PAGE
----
Another difference is that in IPA, the researcher codes their first data item then progresses to developing themes for that data item, rather than coding across the entire dataset, and then progressing to theme development. So IPA focuses on developing each stage of the analysis for each data item, before moving to the next; whereas TA involves developing each stage of analysis across the whole dataset.
With regard to types of code, IPA refers to both ‘descriptive’ and ‘conceptual’ comments and these are very similar to ‘semantic’ and ‘latent’ codes in TA .
In terms of procedures for theme development, there are two levels of theme development in IPA and one level in TA. In IPA, these are referred to as ‘emergent’ and ‘superordinate’ themes. Emergent themes are noted on the data item (if working with interview transcripts, emergent themes are usually recorded in a wide margin on the left hand side of the transcript). Superordinate themes are developed from emergent themes. Once coding and theme development is complete for each data item, the researcher develops superordinate themes across the dataset. In TA, themes are developed from the codes (and collated data), across all data items.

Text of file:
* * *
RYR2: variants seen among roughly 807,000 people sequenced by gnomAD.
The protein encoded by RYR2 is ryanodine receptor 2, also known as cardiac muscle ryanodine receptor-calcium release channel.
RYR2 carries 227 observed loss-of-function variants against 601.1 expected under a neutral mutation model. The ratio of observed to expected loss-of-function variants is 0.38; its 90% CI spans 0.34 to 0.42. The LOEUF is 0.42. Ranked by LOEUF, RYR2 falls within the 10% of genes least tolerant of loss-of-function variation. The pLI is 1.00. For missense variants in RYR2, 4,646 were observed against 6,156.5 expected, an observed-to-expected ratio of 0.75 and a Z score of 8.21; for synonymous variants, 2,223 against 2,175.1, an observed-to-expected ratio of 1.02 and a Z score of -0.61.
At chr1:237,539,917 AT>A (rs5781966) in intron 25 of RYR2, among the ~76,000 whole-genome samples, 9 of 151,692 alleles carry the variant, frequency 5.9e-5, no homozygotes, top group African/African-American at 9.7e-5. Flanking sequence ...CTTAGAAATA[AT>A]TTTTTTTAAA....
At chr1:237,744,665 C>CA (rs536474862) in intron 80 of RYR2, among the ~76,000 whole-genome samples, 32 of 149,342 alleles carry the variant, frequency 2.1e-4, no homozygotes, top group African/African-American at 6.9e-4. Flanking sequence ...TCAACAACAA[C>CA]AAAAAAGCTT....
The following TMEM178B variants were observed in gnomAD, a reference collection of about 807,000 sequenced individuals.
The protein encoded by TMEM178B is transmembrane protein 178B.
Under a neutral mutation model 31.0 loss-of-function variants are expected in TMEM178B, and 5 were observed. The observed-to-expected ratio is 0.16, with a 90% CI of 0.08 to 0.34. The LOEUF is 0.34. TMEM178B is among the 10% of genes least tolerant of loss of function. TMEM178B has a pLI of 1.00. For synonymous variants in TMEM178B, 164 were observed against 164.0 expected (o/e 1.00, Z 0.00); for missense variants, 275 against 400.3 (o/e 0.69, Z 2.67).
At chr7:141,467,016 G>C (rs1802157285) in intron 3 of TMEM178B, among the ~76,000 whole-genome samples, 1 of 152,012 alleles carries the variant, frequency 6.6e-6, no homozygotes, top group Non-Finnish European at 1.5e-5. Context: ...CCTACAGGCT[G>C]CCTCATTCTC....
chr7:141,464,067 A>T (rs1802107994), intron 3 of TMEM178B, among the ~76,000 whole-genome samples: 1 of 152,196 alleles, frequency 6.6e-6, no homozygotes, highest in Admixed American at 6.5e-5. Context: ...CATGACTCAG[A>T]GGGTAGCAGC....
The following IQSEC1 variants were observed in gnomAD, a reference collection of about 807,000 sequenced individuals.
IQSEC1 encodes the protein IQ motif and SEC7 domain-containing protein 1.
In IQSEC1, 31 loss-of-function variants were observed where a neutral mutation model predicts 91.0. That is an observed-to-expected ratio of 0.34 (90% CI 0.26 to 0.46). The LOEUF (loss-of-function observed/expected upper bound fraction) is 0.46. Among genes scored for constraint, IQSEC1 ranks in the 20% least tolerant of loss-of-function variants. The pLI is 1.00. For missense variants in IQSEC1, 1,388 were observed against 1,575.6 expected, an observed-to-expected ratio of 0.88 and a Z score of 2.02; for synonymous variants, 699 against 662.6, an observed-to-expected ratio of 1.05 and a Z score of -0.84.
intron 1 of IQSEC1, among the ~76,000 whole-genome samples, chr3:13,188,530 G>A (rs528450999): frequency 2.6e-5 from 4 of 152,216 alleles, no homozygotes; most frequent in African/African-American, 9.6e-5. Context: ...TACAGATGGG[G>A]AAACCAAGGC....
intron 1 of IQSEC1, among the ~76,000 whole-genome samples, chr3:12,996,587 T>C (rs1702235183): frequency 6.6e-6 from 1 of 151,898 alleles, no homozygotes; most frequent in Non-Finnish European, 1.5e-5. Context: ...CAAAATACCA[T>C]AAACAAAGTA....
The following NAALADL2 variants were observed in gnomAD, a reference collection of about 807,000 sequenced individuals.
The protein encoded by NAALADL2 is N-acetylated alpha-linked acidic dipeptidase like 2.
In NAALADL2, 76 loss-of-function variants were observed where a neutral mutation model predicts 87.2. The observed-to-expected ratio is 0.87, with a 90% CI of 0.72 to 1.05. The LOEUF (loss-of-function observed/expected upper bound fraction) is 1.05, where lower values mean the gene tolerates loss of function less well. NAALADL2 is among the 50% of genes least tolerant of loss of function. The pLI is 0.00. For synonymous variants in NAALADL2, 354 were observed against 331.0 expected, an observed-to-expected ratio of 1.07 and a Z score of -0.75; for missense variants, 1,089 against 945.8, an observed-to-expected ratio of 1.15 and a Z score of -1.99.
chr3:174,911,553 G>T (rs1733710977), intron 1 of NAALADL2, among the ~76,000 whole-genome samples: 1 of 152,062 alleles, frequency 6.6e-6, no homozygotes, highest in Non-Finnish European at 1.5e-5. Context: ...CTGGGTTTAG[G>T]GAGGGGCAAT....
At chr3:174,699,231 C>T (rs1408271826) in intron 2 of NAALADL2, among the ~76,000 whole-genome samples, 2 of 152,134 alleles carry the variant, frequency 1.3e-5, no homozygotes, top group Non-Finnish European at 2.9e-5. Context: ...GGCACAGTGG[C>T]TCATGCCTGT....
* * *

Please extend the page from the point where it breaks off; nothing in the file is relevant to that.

As a general rule, there will be a lot more emergent themes generated from an IPA compared to the number of themes generated from a TA; this means that emergent themes in IPA lie somewhere between codes and themes in a TA (somewhat akin tosubthemes in a TA). An IPA will generate roughly the same number of superordinate themes as the number of themes generated from a TA. However, another difference is that superordinate themes in an IPA simply provide an organising framework for the analysis, it is the emergent themes that are discussed in detail in the write-up.